“You’ve probably put your finger on how my own personal aesthetic works,” says Shepard about the short story “Mars Attacks.” “I don’t sit down at my desk and say, it’s time to tackle mental illness. What I’m doing is going, you know what would be great? To write about those cards. And that’s my way of talking myself into dealing with difficult emotional issues.”
If there is a unifying theme to Shepard’s diverse output, it can probably be found in the realm of “difficult emotional issues,” particularly those that manifest in extreme situations.
Shepard’s new novel, The Book of Aron, locates itself at the centre of one of the most extreme places in history: the Warsaw ghetto under the Nazis. It takes up the story of Janusz Korczak, the Jewish doctor and educational reformer who set up an orphanage inside the walls of the Jewish ghetto. Importantly for Shepard, however, Korczak is not the novel’s protagonist, but rather a secondary figure. The protagonist is the eponymous Aron, a child who learns to live by his wits – smuggling, colluding, and doing pretty much anything he has to in order to survive – before winding up in the care of the saintly Korczak.
“I was dealing with the kind of figure that normally doesn’t get narrated,” Shepard says of his approach to the novel. “One of the insidious things about a lot of Holocaust narratives is the way they choose figures that are quite extraordinary.”
Shepard cites Thomas Keneally’s novel Schindler’s List and The Diary of Anne Frank as books that fall into this category, and offers a tacit rebuke to critics such as Geraldine Brooks, whose recent New York Times review of The Book of Aron questioned why the story wasn’t narrated from Korczak’s perspective. Reading Frank’s diary, Shepard posits, it’s impossible not to be astounded by the intelligence and empathic rumination that infuses the writing of such a young girl. “And it’s one short step from that to, you know, the Holocaust was a terrible thing because it killed Anne Frank,” Shepard says. “I thought, what about those people nobody valued, what about those people who got swept away. And, you know, all those people in the background of all the newsreels. I very much like that worm’s eye view, that sense that nobody cares about my protagonist but me.”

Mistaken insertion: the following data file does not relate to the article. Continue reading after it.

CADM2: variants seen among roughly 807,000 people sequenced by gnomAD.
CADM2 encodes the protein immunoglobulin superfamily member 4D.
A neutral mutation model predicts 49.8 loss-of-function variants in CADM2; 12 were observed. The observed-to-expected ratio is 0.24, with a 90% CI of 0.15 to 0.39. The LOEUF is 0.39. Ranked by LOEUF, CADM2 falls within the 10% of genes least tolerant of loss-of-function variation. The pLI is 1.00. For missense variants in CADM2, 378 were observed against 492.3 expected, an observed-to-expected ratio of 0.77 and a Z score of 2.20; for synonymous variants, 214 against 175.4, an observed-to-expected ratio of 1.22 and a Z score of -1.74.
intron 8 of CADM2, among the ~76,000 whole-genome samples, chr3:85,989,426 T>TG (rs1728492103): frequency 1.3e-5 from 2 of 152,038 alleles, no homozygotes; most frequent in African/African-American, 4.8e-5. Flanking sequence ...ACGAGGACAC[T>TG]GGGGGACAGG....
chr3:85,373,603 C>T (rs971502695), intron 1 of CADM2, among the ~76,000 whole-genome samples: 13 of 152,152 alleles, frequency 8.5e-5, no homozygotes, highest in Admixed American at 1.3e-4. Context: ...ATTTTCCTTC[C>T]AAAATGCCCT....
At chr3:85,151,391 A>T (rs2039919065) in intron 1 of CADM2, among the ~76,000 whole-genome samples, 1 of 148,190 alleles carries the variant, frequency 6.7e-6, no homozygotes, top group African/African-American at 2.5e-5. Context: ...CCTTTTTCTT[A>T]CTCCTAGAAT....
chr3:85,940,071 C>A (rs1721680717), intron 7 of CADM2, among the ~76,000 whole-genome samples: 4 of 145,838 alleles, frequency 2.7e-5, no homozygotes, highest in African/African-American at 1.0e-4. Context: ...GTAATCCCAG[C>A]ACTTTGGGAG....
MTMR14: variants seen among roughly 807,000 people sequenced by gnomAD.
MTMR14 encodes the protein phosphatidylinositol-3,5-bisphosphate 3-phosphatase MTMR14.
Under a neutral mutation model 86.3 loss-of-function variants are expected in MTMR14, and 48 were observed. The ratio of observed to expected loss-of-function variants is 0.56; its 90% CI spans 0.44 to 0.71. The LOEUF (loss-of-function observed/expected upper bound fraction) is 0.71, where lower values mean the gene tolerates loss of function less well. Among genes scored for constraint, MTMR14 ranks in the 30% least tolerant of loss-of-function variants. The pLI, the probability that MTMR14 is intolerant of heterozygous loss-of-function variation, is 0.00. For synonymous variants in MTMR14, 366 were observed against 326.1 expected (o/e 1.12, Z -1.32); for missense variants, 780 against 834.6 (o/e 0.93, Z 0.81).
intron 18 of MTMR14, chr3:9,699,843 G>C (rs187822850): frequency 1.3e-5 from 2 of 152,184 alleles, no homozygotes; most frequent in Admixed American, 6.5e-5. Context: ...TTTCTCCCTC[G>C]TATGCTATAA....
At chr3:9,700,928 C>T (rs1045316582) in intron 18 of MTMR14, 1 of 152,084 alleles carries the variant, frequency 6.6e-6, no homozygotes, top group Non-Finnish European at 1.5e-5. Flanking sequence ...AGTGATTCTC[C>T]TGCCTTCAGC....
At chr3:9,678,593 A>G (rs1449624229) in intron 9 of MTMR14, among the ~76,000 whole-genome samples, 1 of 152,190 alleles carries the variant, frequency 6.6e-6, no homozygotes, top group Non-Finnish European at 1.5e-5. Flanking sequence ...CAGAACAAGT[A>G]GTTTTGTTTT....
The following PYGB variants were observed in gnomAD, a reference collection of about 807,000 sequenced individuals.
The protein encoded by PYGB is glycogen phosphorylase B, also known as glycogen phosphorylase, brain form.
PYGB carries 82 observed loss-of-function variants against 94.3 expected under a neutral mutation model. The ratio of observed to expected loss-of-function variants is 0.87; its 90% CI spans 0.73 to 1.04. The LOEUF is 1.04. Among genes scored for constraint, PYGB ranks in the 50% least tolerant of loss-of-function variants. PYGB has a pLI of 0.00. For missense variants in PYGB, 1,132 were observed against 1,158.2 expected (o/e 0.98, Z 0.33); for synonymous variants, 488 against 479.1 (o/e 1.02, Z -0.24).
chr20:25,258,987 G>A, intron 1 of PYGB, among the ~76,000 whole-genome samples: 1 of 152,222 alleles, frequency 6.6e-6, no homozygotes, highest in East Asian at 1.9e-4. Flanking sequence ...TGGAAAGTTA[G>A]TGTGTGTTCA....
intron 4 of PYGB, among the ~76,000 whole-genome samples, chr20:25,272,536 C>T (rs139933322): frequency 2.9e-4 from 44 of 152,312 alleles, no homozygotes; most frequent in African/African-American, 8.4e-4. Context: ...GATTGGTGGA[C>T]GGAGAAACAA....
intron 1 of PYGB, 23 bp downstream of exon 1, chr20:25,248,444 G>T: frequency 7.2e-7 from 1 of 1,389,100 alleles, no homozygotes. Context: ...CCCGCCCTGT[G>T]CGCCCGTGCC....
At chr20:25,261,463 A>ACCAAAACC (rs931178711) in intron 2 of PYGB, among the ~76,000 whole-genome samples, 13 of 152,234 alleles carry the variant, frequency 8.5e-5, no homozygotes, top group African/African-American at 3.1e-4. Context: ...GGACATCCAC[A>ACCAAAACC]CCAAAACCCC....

Brooks also points out that in order for Shepard to inhabit Aron’s consciousness, he must forgo numerous writerly flourishes, such as lush vocabulary and metaphor. She suggests this is a risky proposition for an author, but it is in fact simply another characteristic of Shepard’s writing. For all its diversity in terms of subject, Shepard’s fiction – be it novels or stories – is notable for its concision, its ruthless paring away of anything extraneous. “I’m really attracted to leanness,” Shepard says, while at the same time acknowledging, “I don’t think that’s a mainstream, readerly pleasure.”
Shepard suggests that Anthony Doerr’s Pulitzer Prize winner, All the Light We Cannot See, offers an example of a book that resides at the other end of the spectrum from The Book of Aron. “Tony’s book is 500, 600 pages, and it reads pretty quickly, and readers feel like, I got my money’s worth there. [Whereas] mine is a shuttered, streamlined little thing.”
While Shepard’s attachment to sparseness is apparently engrained in his makeup, he is cognizant of the mainstream limitations inherent in this approach. “I recognize that in fact it’s not what I would call a good business decision,” he says. “I think the big canvas not only attracts more readers, but it feels self-consciously more important. It’s big in both senses of the word.”
And though it would be difficult to deny the evident ambition in Shepard’s range of output and his ability to inhabit an apparently endless variety of different characters convincingly, this is not the kind of ambition that calls attention to itself and wins prizes. “I’d be miserable if I didn’t think my work was ambitious,” Shepard says. “I think my work is extraordinarily ambitious, but I think you have to be a certain kind of reader to understand that. When you get a 700-page novel that is explicitly talking about the rights of man, even falling down the stairs you would think this is an ambitious book. So, it’s much more signposted.”